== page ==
Diindolylmethane (DIM), a healing compound found naturally in cruciferous vegetables like broccoli and cauliflower, may possess the ability to fight antibiotic-resistant “biofilms” and other associated pathogens.
New research reveals that DIM, a popular anti-cancer substance sold in supplement form, fights harmful bacteria such as Pseudomonas aeruginosa and Acinetobacter baumannii, both of which are considered resistant to pharmaceutical-based antibiotics.
Tests showed that DIM has the capacity to inhibit biofilm formation of these bacteria by anywhere from 65-70 percent. When combined with certain antibiotics, that level of effectiveness increases to a 98 percent reduction in biofilm growth.
Even without antibiotics, which destroy probiotic, or “good,” bacteria, DIM was found to aid the body with significantly faster healing from a bacterial infection. This is great news for people who wish to avoid the use of potentially deadly antibiotics, but who still want a leg up against disease.
Much is known about sulforaphane, another cruciferous vegetable compound, which fights autism, cancer and other illnesses. DIM is perhaps lesser known, but is now a rising star in the “superfood” category of natural healing substances.
Your gut converts indole-3 carbinol (I3C), a cruciferous vegetable phytochemical, into DIM, which then supports healthy immune function. Together with sulforaphane, DIM delivers a one-two punch against a variety of illnesses.
According to Israel21c.org, which covered the new study out of Ben-Gurion University of the Negev, DIM actively breaks down the biofilms that allow bacteria to resist antibiotics.
“The scientists found that phytochemical 3,3?-diindolylmethane (DIM) successfully broke down the biofilms protecting pathogens including A. baumannii and P. aeruginosa 65% and 70% of the time, respectively,” the news outlet reported.
DIM was also found to speed up the healing process of an infected wound, illustrating its power to amplify the immune system’s ability to heal and bring about recovery.
For years, the establishment has been hammering at the public the idea that antibiotic-resistant “superbugs” are a threat with no known cure. This latest research strongly suggests otherwise.
If something as simple as Bok choy, another cruciferous vegetable loaded with DIM, is capable of fighting off these superbugs, then it is a lie to suggest that there is nothing anyone can do to stop these types of infections.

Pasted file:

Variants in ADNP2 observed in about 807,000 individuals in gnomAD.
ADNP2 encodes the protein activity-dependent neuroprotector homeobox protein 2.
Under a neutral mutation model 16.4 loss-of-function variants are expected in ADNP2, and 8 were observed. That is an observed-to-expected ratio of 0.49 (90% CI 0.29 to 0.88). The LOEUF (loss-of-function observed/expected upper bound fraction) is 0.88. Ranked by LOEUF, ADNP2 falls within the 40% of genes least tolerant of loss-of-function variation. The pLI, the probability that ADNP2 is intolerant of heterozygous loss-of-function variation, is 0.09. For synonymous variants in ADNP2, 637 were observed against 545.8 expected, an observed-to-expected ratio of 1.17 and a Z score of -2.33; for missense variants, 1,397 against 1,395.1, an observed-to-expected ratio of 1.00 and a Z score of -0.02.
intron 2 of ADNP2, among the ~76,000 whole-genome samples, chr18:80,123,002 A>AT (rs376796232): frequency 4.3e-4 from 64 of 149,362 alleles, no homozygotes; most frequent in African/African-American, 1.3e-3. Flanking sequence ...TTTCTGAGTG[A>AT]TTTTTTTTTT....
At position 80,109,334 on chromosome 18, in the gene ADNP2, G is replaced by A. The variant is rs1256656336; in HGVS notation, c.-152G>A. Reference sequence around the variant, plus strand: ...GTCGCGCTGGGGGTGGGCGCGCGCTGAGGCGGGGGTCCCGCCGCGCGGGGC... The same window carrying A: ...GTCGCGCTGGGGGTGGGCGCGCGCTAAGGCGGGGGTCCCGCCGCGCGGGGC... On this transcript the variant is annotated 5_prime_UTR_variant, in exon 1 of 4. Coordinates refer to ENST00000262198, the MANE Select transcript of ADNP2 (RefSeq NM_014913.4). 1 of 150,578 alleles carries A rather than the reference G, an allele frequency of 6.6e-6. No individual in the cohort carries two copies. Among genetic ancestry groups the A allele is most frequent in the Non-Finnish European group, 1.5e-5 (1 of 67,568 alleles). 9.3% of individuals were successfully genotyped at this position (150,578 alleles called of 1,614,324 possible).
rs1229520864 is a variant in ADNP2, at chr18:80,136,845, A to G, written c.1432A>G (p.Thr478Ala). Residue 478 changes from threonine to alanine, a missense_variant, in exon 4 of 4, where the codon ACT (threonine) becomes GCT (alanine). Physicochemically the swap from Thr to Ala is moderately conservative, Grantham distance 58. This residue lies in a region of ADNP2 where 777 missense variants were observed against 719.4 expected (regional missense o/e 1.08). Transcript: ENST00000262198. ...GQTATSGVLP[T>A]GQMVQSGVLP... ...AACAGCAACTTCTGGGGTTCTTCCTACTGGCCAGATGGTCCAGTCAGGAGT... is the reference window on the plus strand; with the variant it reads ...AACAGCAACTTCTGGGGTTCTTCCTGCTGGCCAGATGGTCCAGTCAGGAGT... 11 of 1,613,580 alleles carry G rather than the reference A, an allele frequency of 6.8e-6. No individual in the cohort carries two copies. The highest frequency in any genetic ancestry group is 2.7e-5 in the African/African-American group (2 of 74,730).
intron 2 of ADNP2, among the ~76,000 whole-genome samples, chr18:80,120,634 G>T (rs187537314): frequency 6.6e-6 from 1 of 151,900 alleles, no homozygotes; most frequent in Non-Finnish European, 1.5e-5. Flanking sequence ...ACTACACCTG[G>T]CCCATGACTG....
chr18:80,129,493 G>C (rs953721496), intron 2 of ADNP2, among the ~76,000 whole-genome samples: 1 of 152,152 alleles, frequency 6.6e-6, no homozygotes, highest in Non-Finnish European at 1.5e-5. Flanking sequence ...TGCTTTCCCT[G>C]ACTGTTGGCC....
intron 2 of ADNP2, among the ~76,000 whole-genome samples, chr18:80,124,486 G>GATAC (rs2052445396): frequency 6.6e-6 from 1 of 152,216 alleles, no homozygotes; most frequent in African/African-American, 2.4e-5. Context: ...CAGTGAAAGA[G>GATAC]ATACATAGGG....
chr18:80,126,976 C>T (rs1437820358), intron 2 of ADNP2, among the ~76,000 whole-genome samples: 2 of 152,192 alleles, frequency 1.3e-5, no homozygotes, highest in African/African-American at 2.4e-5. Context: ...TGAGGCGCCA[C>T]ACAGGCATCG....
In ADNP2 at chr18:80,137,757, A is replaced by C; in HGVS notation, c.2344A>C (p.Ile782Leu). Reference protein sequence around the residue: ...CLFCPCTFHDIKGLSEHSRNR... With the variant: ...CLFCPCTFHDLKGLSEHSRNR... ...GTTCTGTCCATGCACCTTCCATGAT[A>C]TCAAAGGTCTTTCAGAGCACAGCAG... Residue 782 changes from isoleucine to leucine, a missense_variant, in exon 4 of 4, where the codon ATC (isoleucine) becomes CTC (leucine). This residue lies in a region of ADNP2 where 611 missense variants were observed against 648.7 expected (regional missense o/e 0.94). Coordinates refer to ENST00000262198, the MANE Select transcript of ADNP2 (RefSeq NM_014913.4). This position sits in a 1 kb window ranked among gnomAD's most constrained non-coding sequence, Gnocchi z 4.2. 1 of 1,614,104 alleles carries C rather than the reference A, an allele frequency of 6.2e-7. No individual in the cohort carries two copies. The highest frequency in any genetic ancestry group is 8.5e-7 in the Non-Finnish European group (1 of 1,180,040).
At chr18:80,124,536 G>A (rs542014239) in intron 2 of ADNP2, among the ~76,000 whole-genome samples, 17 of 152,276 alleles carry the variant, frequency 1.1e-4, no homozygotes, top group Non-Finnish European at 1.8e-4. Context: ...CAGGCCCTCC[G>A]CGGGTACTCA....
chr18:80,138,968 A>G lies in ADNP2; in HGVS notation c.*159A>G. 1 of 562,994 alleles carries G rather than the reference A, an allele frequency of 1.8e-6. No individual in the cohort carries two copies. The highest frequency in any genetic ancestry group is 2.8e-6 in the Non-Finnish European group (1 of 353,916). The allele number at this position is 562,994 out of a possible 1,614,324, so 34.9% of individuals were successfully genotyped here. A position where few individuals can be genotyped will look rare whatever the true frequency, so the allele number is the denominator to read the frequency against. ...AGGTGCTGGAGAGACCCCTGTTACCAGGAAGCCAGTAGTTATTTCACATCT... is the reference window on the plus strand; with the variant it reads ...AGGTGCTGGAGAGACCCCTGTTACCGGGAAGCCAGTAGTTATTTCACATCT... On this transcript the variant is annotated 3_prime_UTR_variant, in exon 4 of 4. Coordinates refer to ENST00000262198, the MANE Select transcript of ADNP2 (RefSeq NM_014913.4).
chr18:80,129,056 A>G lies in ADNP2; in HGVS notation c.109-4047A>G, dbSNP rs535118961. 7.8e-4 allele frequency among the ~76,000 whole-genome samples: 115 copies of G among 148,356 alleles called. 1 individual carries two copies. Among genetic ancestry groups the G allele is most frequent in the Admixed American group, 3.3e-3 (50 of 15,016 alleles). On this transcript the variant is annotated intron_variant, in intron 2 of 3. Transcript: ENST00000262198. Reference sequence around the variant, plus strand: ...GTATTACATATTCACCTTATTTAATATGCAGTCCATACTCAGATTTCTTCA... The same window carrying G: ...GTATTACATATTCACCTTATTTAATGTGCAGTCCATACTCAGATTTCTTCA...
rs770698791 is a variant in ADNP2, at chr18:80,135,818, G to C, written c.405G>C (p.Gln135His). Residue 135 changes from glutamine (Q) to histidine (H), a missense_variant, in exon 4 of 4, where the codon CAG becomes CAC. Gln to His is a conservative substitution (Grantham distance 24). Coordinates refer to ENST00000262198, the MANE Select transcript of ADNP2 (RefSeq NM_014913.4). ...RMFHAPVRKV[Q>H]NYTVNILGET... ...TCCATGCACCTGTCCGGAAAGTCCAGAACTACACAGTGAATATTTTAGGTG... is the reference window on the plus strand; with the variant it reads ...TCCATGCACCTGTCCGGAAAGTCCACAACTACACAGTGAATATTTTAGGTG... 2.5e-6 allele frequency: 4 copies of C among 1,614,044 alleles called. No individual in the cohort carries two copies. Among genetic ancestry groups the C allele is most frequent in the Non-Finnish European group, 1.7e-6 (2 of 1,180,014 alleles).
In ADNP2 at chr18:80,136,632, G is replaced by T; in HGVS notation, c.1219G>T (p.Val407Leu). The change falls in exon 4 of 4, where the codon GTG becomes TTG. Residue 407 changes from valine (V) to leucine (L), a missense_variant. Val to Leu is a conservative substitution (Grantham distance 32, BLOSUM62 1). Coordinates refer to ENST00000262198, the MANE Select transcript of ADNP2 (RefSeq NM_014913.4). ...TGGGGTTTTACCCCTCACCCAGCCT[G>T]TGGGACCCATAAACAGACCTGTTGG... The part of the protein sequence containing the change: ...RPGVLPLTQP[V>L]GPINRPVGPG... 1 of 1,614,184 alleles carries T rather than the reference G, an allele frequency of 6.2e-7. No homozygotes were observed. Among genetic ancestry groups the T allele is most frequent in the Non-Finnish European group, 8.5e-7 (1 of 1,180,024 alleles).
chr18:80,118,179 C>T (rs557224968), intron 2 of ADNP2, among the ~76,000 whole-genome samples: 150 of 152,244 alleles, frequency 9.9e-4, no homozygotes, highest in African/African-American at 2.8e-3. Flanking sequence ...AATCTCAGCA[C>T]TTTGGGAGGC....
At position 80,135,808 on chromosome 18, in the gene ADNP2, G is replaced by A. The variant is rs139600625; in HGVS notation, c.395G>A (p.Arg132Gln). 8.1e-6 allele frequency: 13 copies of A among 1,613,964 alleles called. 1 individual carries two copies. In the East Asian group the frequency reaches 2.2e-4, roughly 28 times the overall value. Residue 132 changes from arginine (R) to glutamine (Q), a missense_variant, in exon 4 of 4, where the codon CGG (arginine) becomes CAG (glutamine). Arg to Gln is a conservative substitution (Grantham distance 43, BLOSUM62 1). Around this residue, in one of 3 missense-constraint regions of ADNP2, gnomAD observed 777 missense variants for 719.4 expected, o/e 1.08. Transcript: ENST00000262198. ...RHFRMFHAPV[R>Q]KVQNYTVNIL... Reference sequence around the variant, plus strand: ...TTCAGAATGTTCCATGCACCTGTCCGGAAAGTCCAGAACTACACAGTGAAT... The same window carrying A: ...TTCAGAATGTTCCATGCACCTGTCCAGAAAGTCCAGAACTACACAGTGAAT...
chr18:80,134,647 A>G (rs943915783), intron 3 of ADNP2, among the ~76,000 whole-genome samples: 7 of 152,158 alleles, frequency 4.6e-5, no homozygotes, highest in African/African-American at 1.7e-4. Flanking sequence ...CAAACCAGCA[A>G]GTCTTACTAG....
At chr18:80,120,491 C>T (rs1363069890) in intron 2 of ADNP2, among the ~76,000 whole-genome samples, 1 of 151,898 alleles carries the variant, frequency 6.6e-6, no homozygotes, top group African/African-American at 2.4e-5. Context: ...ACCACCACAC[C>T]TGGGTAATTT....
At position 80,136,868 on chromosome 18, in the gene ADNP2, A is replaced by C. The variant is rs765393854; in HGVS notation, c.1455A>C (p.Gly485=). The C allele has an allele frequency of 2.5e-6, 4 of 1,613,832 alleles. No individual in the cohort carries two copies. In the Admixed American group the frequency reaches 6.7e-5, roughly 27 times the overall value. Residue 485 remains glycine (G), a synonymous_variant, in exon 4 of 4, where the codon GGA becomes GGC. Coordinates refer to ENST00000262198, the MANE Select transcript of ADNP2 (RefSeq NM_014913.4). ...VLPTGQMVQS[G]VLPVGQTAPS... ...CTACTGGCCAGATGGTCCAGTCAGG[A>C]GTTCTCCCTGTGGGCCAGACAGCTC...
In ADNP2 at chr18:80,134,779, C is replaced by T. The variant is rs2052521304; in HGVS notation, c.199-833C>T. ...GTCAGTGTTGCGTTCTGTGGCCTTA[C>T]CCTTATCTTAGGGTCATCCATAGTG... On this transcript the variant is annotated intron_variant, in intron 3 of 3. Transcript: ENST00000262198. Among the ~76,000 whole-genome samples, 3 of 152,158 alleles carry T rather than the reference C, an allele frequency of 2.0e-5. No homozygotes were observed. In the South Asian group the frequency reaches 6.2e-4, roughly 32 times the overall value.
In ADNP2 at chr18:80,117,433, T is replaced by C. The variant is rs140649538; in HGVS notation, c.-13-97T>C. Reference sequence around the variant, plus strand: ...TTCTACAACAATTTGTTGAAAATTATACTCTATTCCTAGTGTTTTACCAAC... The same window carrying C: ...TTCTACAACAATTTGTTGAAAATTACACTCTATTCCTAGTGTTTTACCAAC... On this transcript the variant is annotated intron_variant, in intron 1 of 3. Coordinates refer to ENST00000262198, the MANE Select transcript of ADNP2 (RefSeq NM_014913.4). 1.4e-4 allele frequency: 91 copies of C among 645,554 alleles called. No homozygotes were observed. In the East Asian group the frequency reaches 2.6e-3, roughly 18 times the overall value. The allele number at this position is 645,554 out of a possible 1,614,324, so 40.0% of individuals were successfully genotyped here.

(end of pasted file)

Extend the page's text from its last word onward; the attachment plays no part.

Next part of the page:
Antibiotic overuse, many believe, is the reason why we have superbugs in the first place. If people were supporting their immune systems naturally rather than gobbling down antibiotic pills every time they show the slightest signs of infection, then bacteria would not have been able to “learn” how to outsmart these drugs.
Now, there is a global epidemic of superbugs, thanks to Big Pharma, and many are searching for solutions. Perhaps DIM and cruciferous vegetables are a solution that requires no additional drugs or other invasive interventions.
“The four pathogenic bacteria investigated in the study … P. aeruginosa, A. baumannii, Serratia marcescens and Providencia stuartii – are all gram-negative bacteria, and in the initial investigation, DIM reduced biofilm formation in all four by as much as 80%,” wrote Dr. Joseph Mercola about the findings.
“Nonhealing wounds are often infected with pan-resistant bacteria, and it’s the biofilm that prevents the tissues from healing back together … Wounds treated with DIM for 10 days healed significantly better than untreated wounds, thanks to a significant reduction in biofilm formation, and the combination of DIM plus antibiotic worked even better. Wounds treated with gentamycin alone saw no improvement.”
I3C, by the way, is a powerful antioxidant that supports hormone balance and liver detoxification. And sulforaphane helps to balance blood sugar levels, improve kidney function, and support gut balance by normalizing DNA methylation. Consuming cruciferous vegetables will feed your body both of these things, and your digestive system will convert I3C into DIM for added benefits.
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